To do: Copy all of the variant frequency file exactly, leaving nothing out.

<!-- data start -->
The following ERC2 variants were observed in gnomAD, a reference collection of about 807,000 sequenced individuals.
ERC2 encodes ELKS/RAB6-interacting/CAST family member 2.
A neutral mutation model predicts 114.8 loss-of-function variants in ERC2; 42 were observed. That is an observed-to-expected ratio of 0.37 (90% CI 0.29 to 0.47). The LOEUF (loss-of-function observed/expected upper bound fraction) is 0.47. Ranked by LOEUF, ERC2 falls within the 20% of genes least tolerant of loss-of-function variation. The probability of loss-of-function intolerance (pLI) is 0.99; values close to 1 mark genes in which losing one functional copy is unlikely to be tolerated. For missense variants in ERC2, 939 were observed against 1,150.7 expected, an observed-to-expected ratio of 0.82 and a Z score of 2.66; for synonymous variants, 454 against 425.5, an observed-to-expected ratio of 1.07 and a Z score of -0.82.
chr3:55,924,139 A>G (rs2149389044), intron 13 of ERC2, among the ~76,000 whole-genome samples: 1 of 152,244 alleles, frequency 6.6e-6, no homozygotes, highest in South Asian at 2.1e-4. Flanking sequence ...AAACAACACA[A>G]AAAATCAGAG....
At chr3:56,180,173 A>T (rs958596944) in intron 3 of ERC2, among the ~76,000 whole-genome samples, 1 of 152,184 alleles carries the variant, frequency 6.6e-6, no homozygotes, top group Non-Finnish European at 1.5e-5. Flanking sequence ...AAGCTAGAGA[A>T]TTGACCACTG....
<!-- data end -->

The following ERC2 variants were observed in gnomAD, a reference collection of about 807,000 sequenced individuals.
ERC2 encodes ELKS/RAB6-interacting/CAST family member 2.
A neutral mutation model predicts 114.8 loss-of-function variants in ERC2; 42 were observed. That is an observed-to-expected ratio of 0.37 (90% CI 0.29 to 0.47). The LOEUF (loss-of-function observed/expected upper bound fraction) is 0.47. Ranked by LOEUF, ERC2 falls within the 20% of genes least tolerant of loss-of-function variation. The probability of loss-of-function intolerance (pLI) is 0.99; values close to 1 mark genes in which losing one functional copy is unlikely to be tolerated. For missense variants in ERC2, 939 were observed against 1,150.7 expected, an observed-to-expected ratio of 0.82 and a Z score of 2.66; for synonymous variants, 454 against 425.5, an observed-to-expected ratio of 1.07 and a Z score of -0.82.
chr3:55,924,139 A>G (rs2149389044), intron 13 of ERC2, among the ~76,000 whole-genome samples: 1 of 152,244 alleles, frequency 6.6e-6, no homozygotes, highest in South Asian at 2.1e-4. Flanking sequence ...AAACAACACA[A>G]AAAATCAGAG....
At chr3:56,180,173 A>T (rs958596944) in intron 3 of ERC2, among the ~76,000 whole-genome samples, 1 of 152,184 alleles carries the variant, frequency 6.6e-6, no homozygotes, top group Non-Finnish European at 1.5e-5. Flanking sequence ...AAGCTAGAGA[A>T]TTGACCACTG....